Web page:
Income from tax collections is projected to be $78 million in the 2008 Budget (not all of 2007’s budget will be spent, so there’s also $23 million carrying over from last year)...and the question of whether the Port should be collecting property taxes while making an operating profit is also controversial...but also a discussion for another day.

(Just for the record, the Port anticipates employing a bit over 1700 “FTEs” in the Budget.)

That’s hardly a complete picture of the Budget, but it gives us place to begin the discussion.

Let us now return to the Lora Lake controversy.

Rather than reciting the history of the project myself, I’m going to invite a surprise guest: Port of Seattle Commissioner Lloyd Hara (who was kind enough to answer my questions last night even though he was throwing a party at the time...thanks, Commissioner!), who sent the following description of the problems in an email from August 22nd of this year that presents an excellent example of how it can be very tough for an elected official to balance the competing interests of a variety of stakeholders:

“I came into office believing the great Third Runway disputes were finally settled - but this smoldering legacy erupted into a political firestorm when time came to demolish the Lora Lake Apartments.

The Commission (3-2, I voted with the majority) decided to demolish the units, per our year 2000 agreement with the City of Burien and King County. King County Housing Authority filed suit and got a stay to block demolition. It's now a no win situation, where any outcome could end up in lawsuits brought by King County or Burien. We are reviewing our options.

Background: In 1999, under FAA mandate to clear all residential units in the Runway Protection Zone, the Port purchased Lora Lake Apartments. As Third Runway litigation delayed construction, the Port found itself holding usable property that could be occupied in the interim.

We could have had these units managed privately (underlined in original) for market rate rents, and then demolished without controversy, but all parties felt it would serve the greater social good to have KCHA manage them as public housing.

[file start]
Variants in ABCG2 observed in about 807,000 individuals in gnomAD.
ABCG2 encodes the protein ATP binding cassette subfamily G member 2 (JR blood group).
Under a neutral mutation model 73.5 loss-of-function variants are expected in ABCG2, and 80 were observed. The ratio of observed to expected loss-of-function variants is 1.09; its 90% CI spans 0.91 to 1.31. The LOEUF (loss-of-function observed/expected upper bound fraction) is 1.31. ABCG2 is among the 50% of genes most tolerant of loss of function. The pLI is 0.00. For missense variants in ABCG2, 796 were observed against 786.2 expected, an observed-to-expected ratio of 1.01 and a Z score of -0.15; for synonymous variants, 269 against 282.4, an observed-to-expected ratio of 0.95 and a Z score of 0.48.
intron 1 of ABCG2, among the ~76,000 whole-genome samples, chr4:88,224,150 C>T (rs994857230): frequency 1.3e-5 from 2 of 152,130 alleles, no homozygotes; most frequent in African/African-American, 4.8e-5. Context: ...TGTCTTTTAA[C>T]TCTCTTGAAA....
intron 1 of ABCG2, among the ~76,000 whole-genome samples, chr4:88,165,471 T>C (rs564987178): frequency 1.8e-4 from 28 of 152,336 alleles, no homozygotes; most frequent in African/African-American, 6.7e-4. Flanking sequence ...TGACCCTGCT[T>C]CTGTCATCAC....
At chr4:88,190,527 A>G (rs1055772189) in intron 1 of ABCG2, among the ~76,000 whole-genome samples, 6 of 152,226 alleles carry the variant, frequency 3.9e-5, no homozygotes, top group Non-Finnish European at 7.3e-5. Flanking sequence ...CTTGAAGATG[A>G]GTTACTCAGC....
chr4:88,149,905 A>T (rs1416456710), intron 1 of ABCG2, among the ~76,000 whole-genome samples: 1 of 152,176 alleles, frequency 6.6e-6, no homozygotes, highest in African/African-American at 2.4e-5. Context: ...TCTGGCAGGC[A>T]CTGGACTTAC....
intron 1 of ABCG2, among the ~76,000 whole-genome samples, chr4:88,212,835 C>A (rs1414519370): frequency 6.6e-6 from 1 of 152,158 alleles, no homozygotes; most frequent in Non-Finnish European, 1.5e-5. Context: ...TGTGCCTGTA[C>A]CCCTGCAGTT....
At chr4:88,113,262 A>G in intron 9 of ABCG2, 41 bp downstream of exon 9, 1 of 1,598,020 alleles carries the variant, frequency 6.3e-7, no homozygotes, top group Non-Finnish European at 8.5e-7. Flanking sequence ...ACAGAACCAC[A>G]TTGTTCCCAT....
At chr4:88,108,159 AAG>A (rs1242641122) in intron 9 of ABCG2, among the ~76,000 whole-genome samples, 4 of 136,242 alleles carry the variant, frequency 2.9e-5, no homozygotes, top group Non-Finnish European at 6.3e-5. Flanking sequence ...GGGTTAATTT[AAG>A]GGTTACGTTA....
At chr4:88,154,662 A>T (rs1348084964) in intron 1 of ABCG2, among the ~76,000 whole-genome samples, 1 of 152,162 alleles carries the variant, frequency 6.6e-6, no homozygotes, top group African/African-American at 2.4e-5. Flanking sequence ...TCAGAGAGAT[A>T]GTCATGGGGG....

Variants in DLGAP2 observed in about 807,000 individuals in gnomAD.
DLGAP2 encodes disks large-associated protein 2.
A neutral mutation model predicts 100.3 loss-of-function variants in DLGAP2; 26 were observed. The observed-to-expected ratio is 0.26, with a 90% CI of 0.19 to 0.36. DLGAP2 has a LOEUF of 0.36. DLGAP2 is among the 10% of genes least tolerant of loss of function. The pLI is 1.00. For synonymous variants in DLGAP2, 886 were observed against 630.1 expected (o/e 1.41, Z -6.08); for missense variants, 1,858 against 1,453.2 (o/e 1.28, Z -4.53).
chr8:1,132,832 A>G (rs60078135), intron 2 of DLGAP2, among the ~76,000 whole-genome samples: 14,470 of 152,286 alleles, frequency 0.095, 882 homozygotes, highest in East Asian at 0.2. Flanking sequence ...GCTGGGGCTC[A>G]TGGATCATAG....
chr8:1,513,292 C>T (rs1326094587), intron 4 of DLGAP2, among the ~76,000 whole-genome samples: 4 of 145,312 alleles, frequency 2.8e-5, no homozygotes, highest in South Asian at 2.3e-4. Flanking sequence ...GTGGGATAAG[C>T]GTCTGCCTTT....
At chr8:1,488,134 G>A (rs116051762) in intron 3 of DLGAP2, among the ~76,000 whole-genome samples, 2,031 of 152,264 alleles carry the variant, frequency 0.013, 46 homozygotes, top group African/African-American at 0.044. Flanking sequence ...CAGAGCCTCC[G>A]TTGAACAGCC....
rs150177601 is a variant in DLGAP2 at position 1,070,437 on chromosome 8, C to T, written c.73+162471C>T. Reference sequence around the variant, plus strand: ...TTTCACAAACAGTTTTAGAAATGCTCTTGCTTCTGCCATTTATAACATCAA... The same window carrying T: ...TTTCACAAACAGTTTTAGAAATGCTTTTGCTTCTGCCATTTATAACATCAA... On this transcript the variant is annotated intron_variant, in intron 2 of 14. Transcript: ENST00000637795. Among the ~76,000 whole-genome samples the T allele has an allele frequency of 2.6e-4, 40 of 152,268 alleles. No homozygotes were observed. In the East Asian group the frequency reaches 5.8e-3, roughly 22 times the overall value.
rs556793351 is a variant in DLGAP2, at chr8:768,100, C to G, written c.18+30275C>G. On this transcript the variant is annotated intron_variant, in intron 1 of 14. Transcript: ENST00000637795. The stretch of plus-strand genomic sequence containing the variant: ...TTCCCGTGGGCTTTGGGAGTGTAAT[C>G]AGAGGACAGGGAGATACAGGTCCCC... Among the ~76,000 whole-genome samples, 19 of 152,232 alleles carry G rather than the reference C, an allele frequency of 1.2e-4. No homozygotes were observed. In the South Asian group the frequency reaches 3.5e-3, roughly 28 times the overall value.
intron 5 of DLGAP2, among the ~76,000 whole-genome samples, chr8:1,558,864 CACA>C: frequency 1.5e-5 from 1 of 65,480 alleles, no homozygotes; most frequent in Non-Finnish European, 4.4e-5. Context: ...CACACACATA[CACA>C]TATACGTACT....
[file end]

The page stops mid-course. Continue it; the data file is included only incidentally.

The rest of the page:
Housing advocates questioned the wisdom of operating public housing so close to the airport, but the Port, City of Burien and KCHA signed an agreement for the Housing Authority to operate them. All parties agreed they would be vacated (underlined in original) and demolished at the end of this five year term (later extended to seven).

With demolition deadlines approaching, KCHA orchestrated a political campaign and mobilized interest groups to agitate for preserving Lora Lake. (KCHA informed us of their new posture only when vacate notices went to tenants in March of 2007.) This left everyone scrambling for last-minute solutions.

When the Commission learned of KCHA's intent to breach the agreement, we decided to honor Burien's wishes on the matter. Burien then chose to proceed with demolition, and we concurred. Then, as time ran short and political pressure mounted, two Commissioners up for re-election switched their position and opposed demolition. I came under pressure to join this faction.

I have worked hard to restore public trust and improve the Port's public accountability, and my personal trust was on the line with Burien. I weighed all the facts, and decided that it was very important to keep our agreements. We have similar agreements with other cities around SeaTac, and dishonoring the Burien agreement would invite other lawsuits on all sides. [See Tay Yoshitani's op-ed.]